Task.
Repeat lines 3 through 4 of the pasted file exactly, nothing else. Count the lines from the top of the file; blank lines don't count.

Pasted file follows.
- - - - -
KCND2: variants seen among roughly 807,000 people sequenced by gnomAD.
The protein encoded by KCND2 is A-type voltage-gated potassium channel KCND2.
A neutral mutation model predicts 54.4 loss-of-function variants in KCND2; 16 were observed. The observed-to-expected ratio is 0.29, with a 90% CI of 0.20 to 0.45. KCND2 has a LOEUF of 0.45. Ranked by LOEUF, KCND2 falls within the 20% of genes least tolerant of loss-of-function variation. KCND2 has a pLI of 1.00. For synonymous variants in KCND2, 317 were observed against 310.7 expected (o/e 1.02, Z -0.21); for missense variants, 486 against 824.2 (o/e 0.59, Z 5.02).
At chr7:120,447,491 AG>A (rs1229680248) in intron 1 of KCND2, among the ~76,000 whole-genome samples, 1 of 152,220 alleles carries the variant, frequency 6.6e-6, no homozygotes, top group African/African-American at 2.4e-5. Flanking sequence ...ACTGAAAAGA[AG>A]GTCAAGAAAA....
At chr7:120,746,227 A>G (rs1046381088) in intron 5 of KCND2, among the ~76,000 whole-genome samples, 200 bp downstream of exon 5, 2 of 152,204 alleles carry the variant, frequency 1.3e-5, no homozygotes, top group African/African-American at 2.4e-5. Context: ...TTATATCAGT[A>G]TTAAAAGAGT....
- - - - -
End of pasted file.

A neutral mutation model predicts 54.4 loss-of-function variants in KCND2; 16 were observed. The observed-to-expected ratio is 0.29, with a 90% CI of 0.20 to 0.45. KCND2 has a LOEUF of 0.45. Ranked by LOEUF, KCND2 falls within the 20% of genes least tolerant of loss-of-function variation. KCND2 has a pLI of 1.00. For synonymous variants in KCND2, 317 were observed against 310.7 expected (o/e 1.02, Z -0.21); for missense variants, 486 against 824.2 (o/e 0.59, Z 5.02).
At chr7:120,447,491 AG>A (rs1229680248) in intron 1 of KCND2, among the ~76,000 whole-genome samples, 1 of 152,220 alleles carries the variant, frequency 6.6e-6, no homozygotes, top group African/African-American at 2.4e-5. Flanking sequence ...ACTGAAAAGA[AG>A]GTCAAGAAAA....